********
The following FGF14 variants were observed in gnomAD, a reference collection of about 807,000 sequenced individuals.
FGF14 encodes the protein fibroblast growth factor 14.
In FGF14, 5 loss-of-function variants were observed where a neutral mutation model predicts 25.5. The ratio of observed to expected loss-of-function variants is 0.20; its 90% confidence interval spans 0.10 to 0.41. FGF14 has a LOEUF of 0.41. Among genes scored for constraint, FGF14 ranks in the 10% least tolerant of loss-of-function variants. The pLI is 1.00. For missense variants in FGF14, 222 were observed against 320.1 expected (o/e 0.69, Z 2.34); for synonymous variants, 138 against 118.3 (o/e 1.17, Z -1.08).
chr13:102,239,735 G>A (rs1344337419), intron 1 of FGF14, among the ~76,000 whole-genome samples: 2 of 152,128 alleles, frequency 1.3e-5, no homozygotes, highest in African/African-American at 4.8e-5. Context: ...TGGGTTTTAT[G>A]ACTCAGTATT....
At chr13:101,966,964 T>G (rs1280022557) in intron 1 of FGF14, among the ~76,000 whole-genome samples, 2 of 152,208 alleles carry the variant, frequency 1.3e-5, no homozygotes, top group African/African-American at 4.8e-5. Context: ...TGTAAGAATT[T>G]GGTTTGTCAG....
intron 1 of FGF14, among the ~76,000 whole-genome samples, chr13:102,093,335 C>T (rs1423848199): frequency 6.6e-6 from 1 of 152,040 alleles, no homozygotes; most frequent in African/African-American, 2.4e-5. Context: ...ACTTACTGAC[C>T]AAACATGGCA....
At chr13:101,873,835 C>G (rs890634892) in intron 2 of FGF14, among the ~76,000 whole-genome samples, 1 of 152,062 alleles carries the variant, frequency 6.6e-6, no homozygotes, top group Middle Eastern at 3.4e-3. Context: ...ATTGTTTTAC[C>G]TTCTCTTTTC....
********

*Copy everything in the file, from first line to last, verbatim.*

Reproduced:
The following FGF14 variants were observed in gnomAD, a reference collection of about 807,000 sequenced individuals.
FGF14 encodes the protein fibroblast growth factor 14.
In FGF14, 5 loss-of-function variants were observed where a neutral mutation model predicts 25.5. The ratio of observed to expected loss-of-function variants is 0.20; its 90% confidence interval spans 0.10 to 0.41. FGF14 has a LOEUF of 0.41. Among genes scored for constraint, FGF14 ranks in the 10% least tolerant of loss-of-function variants. The pLI is 1.00. For missense variants in FGF14, 222 were observed against 320.1 expected (o/e 0.69, Z 2.34); for synonymous variants, 138 against 118.3 (o/e 1.17, Z -1.08).
chr13:102,239,735 G>A (rs1344337419), intron 1 of FGF14, among the ~76,000 whole-genome samples: 2 of 152,128 alleles, frequency 1.3e-5, no homozygotes, highest in African/African-American at 4.8e-5. Context: ...TGGGTTTTAT[G>A]ACTCAGTATT....
At chr13:101,966,964 T>G (rs1280022557) in intron 1 of FGF14, among the ~76,000 whole-genome samples, 2 of 152,208 alleles carry the variant, frequency 1.3e-5, no homozygotes, top group African/African-American at 4.8e-5. Context: ...TGTAAGAATT[T>G]GGTTTGTCAG....
intron 1 of FGF14, among the ~76,000 whole-genome samples, chr13:102,093,335 C>T (rs1423848199): frequency 6.6e-6 from 1 of 152,040 alleles, no homozygotes; most frequent in African/African-American, 2.4e-5. Context: ...ACTTACTGAC[C>T]AAACATGGCA....
At chr13:101,873,835 C>G (rs890634892) in intron 2 of FGF14, among the ~76,000 whole-genome samples, 1 of 152,062 alleles carries the variant, frequency 6.6e-6, no homozygotes, top group Middle Eastern at 3.4e-3. Context: ...ATTGTTTTAC[C>G]TTCTCTTTTC....